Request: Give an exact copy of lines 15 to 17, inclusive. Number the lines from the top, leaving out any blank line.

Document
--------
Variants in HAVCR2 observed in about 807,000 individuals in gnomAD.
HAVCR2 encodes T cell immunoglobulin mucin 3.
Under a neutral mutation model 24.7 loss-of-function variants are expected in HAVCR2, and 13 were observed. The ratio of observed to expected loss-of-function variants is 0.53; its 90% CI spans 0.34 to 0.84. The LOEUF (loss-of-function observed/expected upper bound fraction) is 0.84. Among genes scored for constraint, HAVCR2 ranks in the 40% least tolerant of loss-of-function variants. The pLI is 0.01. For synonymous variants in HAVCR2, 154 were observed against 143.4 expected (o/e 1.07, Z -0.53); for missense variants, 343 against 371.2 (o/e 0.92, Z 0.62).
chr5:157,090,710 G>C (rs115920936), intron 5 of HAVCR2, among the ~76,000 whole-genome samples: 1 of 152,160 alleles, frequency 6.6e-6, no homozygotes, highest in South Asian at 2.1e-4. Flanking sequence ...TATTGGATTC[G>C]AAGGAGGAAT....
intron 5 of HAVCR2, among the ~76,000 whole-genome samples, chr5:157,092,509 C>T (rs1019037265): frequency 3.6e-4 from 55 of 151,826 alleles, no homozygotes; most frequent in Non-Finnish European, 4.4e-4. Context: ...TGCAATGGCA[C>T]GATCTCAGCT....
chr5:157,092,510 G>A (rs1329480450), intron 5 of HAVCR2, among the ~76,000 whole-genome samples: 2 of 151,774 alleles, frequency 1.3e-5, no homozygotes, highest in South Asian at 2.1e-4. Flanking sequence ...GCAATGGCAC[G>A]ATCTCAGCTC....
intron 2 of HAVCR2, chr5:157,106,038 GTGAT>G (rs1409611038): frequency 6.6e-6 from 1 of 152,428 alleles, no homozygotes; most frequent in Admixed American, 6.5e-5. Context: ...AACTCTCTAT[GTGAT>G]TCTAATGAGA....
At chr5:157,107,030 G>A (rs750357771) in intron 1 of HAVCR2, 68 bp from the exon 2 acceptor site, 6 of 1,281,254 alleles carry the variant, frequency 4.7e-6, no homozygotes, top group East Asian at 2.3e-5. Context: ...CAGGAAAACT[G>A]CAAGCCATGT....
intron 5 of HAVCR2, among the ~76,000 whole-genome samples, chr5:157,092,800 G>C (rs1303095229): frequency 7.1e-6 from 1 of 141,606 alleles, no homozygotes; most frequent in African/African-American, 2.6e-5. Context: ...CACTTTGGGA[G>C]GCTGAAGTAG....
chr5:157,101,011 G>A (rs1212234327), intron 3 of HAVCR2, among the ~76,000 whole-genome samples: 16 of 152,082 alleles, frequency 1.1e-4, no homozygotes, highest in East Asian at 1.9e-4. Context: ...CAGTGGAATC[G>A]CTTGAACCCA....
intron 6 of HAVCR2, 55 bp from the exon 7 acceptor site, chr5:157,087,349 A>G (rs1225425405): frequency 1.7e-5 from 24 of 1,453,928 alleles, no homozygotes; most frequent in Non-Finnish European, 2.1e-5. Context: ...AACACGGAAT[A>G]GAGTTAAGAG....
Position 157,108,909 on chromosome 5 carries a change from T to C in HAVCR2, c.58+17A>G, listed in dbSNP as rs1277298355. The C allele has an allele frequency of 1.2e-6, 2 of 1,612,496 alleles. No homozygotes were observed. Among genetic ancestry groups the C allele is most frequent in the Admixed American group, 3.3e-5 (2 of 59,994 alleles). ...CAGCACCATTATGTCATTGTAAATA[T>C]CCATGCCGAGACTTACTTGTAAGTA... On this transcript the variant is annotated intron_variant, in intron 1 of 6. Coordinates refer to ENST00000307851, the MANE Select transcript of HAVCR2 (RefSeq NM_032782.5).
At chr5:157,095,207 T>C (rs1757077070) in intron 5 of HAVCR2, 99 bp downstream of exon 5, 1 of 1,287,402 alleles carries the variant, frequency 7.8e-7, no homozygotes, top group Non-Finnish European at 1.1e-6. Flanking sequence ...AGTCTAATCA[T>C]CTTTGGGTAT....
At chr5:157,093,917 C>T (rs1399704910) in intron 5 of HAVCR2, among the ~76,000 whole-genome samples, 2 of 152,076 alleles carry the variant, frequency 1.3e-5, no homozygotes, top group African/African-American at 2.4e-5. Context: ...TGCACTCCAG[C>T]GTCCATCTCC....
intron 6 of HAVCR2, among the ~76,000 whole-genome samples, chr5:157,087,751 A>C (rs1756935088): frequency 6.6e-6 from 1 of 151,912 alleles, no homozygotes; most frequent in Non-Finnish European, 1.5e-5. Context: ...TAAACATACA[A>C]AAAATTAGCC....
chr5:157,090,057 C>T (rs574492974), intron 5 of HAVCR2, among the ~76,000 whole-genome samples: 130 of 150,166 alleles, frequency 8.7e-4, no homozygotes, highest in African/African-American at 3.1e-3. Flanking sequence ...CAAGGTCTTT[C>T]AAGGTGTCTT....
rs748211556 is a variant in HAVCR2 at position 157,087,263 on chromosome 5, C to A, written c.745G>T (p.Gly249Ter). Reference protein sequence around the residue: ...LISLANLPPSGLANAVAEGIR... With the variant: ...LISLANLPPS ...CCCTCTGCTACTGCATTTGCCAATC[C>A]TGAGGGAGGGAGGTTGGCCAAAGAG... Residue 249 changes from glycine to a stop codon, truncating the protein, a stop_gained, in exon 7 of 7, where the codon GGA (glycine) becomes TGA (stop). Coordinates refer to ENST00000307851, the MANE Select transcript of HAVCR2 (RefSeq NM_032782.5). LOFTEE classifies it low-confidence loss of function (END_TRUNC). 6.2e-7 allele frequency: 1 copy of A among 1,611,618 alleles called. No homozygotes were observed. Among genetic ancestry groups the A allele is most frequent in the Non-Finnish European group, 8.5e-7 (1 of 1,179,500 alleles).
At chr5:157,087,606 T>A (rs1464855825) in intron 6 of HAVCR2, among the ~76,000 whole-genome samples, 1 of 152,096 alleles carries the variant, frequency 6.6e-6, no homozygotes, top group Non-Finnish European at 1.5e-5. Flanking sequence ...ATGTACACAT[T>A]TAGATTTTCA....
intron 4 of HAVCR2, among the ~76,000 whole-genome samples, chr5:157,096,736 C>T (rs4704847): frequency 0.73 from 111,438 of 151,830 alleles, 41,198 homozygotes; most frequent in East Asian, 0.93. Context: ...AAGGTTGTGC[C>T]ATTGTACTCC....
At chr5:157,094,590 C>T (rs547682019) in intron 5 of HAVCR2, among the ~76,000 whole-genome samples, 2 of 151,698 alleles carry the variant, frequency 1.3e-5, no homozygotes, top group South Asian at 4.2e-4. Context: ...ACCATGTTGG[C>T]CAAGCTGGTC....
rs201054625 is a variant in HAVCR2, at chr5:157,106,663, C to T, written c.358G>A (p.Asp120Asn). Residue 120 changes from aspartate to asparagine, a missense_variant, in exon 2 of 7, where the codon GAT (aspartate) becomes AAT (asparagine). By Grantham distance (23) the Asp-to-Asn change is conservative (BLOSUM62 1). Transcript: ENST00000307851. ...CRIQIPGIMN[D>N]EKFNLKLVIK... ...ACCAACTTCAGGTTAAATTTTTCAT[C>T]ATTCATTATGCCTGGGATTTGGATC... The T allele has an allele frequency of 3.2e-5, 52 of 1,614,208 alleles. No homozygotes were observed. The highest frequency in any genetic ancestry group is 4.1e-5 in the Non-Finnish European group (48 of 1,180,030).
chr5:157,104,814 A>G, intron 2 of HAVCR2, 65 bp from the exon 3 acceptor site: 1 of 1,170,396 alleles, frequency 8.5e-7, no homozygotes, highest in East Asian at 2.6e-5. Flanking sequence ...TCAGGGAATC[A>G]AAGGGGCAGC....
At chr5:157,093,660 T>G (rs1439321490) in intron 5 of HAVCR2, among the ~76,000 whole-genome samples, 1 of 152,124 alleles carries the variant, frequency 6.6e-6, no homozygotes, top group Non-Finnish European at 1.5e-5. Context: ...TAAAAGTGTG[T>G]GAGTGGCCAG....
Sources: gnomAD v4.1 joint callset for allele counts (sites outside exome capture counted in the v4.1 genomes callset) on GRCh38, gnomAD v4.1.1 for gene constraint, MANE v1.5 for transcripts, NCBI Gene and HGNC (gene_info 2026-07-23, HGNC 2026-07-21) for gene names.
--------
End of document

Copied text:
intron 6 of HAVCR2, among the ~76,000 whole-genome samples, chr5:157,087,751 A>C (rs1756935088): frequency 6.6e-6 from 1 of 151,912 alleles, no homozygotes; most frequent in Non-Finnish European, 1.5e-5. Context: ...TAAACATACA[A>C]AAAATTAGCC....
chr5:157,090,057 C>T (rs574492974), intron 5 of HAVCR2, among the ~76,000 whole-genome samples: 130 of 150,166 alleles, frequency 8.7e-4, no homozygotes, highest in African/African-American at 3.1e-3. Flanking sequence ...CAAGGTCTTT[C>T]AAGGTGTCTT....
rs748211556 is a variant in HAVCR2 at position 157,087,263 on chromosome 5, C to A, written c.745G>T (p.Gly249Ter). Reference protein sequence around the residue: ...LISLANLPPSGLANAVAEGIR... With the variant: ...LISLANLPPS ...CCCTCTGCTACTGCATTTGCCAATC[C>A]TGAGGGAGGGAGGTTGGCCAAAGAG... Residue 249 changes from glycine to a stop codon, truncating the protein, a stop_gained, in exon 7 of 7, where the codon GGA (glycine) becomes TGA (stop). Coordinates refer to ENST00000307851, the MANE Select transcript of HAVCR2 (RefSeq NM_032782.5). LOFTEE classifies it low-confidence loss of function (END_TRUNC). 6.2e-7 allele frequency: 1 copy of A among 1,611,618 alleles called. No homozygotes were observed. Among genetic ancestry groups the A allele is most frequent in the Non-Finnish European group, 8.5e-7 (1 of 1,179,500 alleles).